Biden suspends Arctic drilling rights sold in Trump’s last days as president


The Biden administration announces that it will suspend Arctic oil drilling rights Sold in the final days of Donald Trump’s presidency, reversing the iconic policies of the predecessor White House and handing victory to environmentalists.

On his first day as president, Joe Biden instructed the Department of the Interior to review oil and gas activities in the Arctic National Wildlife Refuge, one of the largest undeveloped wilderness areas in the United States. On Tuesday, the department said it would suspend the issuance of permits, pending environmental and legal reviews.

It stated that it has “discovered flaws in the basic records supporting the decision to lease, including a lack of analysis of reasonable range of alternatives.” This is required by the National Environmental Policy Act, which is an issue with dozens of The year-old law is a sign of environmental standards.

In order to correct four years of inaction on climate change issues, Biden announced a series of measures to restore the United States as a leader in environmental issues.This includes rejoining the Paris climate agreement and canceling the controversial Keystone XL oil pipeline license, announcing plans Cut greenhouse gas emissions in halfs By 2030, integrate climate-related risks into the financial system.

Oil companies and Republicans have long sought to develop the oil-rich Arctic National Wildlife Refuge. This is a land of more than 19 million acres and is home to endangered polar bears, caribou and other wild animals. in The community is regarded as a sacred place.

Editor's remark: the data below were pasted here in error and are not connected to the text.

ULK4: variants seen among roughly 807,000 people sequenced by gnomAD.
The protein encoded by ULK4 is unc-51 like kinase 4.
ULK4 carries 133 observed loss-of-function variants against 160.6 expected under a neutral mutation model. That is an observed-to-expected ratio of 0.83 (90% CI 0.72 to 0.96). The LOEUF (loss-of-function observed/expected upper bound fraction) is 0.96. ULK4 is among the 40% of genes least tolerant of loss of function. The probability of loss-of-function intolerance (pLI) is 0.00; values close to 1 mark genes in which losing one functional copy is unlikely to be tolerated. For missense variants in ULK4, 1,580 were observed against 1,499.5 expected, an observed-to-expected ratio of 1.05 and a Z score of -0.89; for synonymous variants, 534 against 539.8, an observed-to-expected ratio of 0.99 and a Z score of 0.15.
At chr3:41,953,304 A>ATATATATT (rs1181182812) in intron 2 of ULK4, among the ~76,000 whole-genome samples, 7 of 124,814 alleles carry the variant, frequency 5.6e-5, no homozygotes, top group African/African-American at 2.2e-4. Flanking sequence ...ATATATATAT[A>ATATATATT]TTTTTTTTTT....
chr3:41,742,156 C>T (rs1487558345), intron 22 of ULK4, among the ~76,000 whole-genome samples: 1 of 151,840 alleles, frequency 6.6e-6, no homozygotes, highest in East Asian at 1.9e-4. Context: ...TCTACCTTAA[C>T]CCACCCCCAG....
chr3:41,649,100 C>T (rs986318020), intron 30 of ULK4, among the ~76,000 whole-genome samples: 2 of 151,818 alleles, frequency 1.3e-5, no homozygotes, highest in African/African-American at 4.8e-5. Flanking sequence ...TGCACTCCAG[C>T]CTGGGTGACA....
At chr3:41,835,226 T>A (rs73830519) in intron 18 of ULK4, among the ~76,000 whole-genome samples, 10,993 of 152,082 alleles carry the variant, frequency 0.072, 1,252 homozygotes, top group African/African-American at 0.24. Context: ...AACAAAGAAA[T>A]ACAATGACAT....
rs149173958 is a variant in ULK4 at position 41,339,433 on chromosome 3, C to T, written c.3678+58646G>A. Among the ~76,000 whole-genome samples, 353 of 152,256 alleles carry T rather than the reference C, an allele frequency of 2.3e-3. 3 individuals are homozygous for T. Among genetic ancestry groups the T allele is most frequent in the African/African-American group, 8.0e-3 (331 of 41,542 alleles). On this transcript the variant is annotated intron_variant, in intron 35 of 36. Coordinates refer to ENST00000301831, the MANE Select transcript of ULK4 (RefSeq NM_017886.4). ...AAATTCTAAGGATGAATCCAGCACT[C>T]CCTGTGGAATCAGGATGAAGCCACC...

A plane flies over reindeer in the Arctic National Wildlife Refuge © USFWS/AP

Gina McCarthy, the White House’s national climate adviser, called the move “an important step forward” because the Trump administration decided in January to sell permits to oppose the opposition of activists.

The Biden administration also promised to stop new oil and gas leases on federal land, which is very different from the era when environmental regulations and restrictions on energy producers were lifted in the Trump era.

Despite strong opposition from environmentalists, large investors, and the public, Trump is still trying to open some of the shelters — about 1.5 million acres of land along the coast — as part of a landmark plan to encourage the United States to increase fossil fuel production.

Local officials opposed Biden’s move, saying it dealt a huge blow to the regional economy and Alaska’s highly dependent industries.

“Our oil and gas leases are valid and the federal government cannot take them back,” Republican Governor Mike Dunleavy said. “I oppose this attack on Alaska’s economy and will use all necessary means to eliminate this shocking federal over-expansion.”

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